Early in his career, Hammack tried to switch into a military occupational specialty that would put him in more of a combat role, but it never worked.
"I really wanted to be an infantry guy," he said.
He doesn't consider himself a hero, either.
"I thank people I was able to serve," he said. "It was more of a privilege for me to serve. It is a privilege to serve, I think."
Hammack, who only retired from the Marine Corps in 1988, has a sharp mind and body.
He exercises two to three hours a day, he said. He has a scrapbook full of photos and documents, highlights of his career, and other pictures and mementos adorn the walls of his Front Royal home.
Still, some things are lost with time.
He cannot remember the exact date he arrived in Vietnam, or the kind of aircraft he was riding on the journey from Dong Ha to Camp Carroll. He does not remember much about the food he ate, other than it most often came in a can.
But other things stick out in his mind.
Whereas others serving in Vietnam might have gone a month without the luxury of a shower, Hammack and others at Camp Carroll had one rigged up. Tugging on a chain brought a much-appreciated stream of cold water.
Work days lasted 18 to 20 hours, and the time for sleep was usually from 2 or 3 a.m. to 6 a.m., he recalled.
And he remembers the day that there was cottage cheese in the mess hall. It wasn't something common in the less-civilized region where Camp Carroll was located, according to Hammack.
"We were out there," he said. "I'll never forget it."
After his deployment to Vietnam ended, Hammack came home to a different kind of danger.
Returning to the states, Hammack's first destination was San Francisco, where anti-war protesters abounded.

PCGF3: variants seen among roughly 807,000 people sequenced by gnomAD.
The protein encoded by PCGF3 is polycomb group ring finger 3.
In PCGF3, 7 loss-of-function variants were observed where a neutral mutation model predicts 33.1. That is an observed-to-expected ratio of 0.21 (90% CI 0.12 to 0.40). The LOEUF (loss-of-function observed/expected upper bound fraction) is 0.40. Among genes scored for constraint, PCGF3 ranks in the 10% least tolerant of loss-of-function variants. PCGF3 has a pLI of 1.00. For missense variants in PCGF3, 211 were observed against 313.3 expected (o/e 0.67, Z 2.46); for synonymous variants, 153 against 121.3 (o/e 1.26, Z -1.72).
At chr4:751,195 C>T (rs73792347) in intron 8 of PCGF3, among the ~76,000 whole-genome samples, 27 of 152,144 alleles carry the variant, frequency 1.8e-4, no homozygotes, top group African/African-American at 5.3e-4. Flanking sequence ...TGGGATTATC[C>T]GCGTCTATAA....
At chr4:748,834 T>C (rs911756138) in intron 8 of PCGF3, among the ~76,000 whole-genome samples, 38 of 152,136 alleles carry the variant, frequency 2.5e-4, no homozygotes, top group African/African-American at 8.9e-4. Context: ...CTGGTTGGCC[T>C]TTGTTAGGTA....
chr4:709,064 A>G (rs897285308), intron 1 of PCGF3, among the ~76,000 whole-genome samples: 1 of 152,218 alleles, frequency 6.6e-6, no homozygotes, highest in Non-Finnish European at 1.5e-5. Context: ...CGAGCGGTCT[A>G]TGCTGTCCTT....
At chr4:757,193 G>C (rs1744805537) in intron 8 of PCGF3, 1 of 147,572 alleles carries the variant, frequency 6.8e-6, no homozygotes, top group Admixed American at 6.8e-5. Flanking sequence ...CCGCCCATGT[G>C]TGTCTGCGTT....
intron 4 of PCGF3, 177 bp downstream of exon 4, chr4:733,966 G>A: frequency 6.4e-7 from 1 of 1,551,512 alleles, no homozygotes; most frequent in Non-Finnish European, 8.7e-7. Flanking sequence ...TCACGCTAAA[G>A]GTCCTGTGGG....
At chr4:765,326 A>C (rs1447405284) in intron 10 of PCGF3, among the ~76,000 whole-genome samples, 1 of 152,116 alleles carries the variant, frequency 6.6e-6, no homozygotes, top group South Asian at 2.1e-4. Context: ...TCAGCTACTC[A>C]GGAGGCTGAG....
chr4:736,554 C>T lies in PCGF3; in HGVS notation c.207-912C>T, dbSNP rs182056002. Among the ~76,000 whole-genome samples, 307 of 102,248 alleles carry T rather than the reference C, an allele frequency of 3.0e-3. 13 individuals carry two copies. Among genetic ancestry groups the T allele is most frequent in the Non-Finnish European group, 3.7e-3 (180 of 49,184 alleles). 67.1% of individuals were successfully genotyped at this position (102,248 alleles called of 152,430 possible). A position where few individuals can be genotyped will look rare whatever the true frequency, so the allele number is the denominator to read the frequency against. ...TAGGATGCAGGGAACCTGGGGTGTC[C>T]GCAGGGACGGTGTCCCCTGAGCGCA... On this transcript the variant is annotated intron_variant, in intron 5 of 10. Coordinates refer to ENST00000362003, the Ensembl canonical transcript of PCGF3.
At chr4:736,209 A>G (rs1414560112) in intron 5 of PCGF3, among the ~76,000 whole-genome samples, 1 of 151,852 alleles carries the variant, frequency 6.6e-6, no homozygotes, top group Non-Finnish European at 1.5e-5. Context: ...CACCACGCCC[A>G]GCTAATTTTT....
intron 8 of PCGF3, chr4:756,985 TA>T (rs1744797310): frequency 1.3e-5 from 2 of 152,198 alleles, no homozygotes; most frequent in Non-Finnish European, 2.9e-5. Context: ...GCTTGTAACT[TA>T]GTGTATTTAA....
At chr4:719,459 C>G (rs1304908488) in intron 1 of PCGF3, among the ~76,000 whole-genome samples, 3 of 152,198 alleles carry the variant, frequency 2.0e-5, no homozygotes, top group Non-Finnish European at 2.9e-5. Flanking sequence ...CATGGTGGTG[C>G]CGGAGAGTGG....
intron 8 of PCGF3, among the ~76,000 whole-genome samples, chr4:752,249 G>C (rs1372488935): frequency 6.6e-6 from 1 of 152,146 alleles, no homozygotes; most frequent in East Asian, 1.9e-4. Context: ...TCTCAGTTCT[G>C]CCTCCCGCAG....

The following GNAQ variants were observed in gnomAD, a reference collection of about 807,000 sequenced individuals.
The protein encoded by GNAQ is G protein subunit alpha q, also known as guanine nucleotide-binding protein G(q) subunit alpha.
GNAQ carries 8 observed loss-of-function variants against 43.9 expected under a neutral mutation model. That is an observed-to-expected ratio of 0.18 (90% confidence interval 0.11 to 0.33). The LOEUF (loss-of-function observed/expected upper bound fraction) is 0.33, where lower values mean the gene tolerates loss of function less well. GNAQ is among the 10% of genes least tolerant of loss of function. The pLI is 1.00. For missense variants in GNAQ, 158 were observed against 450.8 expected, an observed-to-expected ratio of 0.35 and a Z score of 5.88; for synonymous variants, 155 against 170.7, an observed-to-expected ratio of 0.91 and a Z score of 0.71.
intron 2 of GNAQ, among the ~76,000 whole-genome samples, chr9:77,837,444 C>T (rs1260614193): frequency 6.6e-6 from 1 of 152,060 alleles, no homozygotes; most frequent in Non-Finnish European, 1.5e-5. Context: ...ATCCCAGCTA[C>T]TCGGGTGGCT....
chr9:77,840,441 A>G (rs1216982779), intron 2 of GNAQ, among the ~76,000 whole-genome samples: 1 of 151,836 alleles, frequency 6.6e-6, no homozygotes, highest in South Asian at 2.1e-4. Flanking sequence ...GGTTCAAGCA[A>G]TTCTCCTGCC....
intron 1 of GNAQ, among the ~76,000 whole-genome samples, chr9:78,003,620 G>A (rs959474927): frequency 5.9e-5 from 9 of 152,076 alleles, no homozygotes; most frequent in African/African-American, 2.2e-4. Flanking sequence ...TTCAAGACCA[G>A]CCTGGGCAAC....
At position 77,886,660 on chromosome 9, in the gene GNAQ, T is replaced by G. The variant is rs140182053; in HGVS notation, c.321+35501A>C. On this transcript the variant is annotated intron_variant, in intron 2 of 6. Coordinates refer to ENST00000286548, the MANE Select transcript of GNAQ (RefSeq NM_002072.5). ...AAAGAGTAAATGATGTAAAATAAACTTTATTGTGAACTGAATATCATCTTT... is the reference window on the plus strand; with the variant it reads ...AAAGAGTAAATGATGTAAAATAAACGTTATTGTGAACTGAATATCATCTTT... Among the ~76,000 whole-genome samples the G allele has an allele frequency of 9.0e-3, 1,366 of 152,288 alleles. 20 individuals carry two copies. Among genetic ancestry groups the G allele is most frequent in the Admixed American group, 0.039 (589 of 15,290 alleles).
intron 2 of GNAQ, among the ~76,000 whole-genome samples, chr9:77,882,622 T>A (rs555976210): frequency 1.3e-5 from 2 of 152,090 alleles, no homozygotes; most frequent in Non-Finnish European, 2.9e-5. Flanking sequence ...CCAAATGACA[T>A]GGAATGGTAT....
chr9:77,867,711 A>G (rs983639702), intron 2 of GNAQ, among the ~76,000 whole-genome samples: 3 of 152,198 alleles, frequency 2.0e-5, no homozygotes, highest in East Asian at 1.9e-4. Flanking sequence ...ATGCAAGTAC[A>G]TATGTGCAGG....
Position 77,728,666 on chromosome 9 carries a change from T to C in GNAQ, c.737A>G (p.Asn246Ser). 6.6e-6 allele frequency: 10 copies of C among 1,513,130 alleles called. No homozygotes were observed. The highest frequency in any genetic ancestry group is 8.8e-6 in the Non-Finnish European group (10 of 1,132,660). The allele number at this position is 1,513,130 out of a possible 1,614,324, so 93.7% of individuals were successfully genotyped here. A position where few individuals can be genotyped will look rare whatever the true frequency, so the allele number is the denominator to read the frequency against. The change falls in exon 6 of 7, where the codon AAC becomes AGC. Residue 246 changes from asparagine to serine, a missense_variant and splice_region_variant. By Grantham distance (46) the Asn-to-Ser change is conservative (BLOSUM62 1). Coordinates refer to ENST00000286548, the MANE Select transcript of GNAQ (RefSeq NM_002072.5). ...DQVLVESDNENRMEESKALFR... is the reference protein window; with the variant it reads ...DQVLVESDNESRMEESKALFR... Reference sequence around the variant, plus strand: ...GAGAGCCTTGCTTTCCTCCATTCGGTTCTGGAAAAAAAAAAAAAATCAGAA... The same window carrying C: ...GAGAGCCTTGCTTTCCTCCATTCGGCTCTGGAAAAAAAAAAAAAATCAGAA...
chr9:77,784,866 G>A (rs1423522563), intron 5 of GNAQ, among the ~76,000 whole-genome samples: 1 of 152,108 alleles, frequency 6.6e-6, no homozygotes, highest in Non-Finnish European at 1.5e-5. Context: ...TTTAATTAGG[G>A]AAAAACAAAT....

"They were everywhere, they hated us," he said. "It was just a bad, bad time.
"I really felt safer in Vietnam than I did in San Francisco. I was afraid to leave my room."
Hammack spent the next several years stationed in Hawaii. It was there, safely away from the rocket fire, that what was happening in Vietnam affected him the most.
About a year after Hammack left Camp Carroll, a dear friend, Sgt. Maj. Ted McClintock, who he first met at Camp Lejeune, was killed in Vietnam.
It was a hard day, Hammack said, and one of the only events from his military career that is emotional and difficult to talk about.
McClintock took Hammack under his wing when they met, and they became very close, Hammack explained.
Before leaving for Vietnam, McClintock visited Hammack in Hawaii -- and even after saying their goodbyes, McClintock showed back up at Hammack's doorstep so they could spend his last evening together, Hammack remembered.
"Maybe he had a feeling," Hammack said, tears in his eyes.
He was unable to attend McClintock's funeral, and for that reason, he said he's never felt closure about the death of his friend.
"I still don't know he's dead."
Hammack went on to serve in many other areas, in many other roles, after his time in Vietnam.
His career, he said, is not defined by his time at war. It might have been more intense, he said, but it was less than a year of a 31-year career as a Marine.
For a time, he was stationed at Marine Corps headquarters in Washington. He served on the inaugural committee of President Reagan -- a president that, he believes, immediately boosted morale and support for the military.
Today Hammack keeps in touch with many of his comrades, and sees support for a military that he believes is stronger, smarter, more dedicated and more fit.
"I think the people who are presently serving are phenomenal," he said. "I never knew we had that kind of people. I'm a colonel, and I'm still in awe of these guys, and they make me proud, and they make me wish I could be that when I grow up," he said with a laugh.
After a full career, though, the loss of his friend McClintock still haunts Hammack.
"I'm going to have to go out there and go to the grave site ... So my career's not over," he said.
NEXT WEEK: A young farm boy sees action in Korea as a National Guardsman.
* Contact Jessica Wiant at firstname.lastname@example.org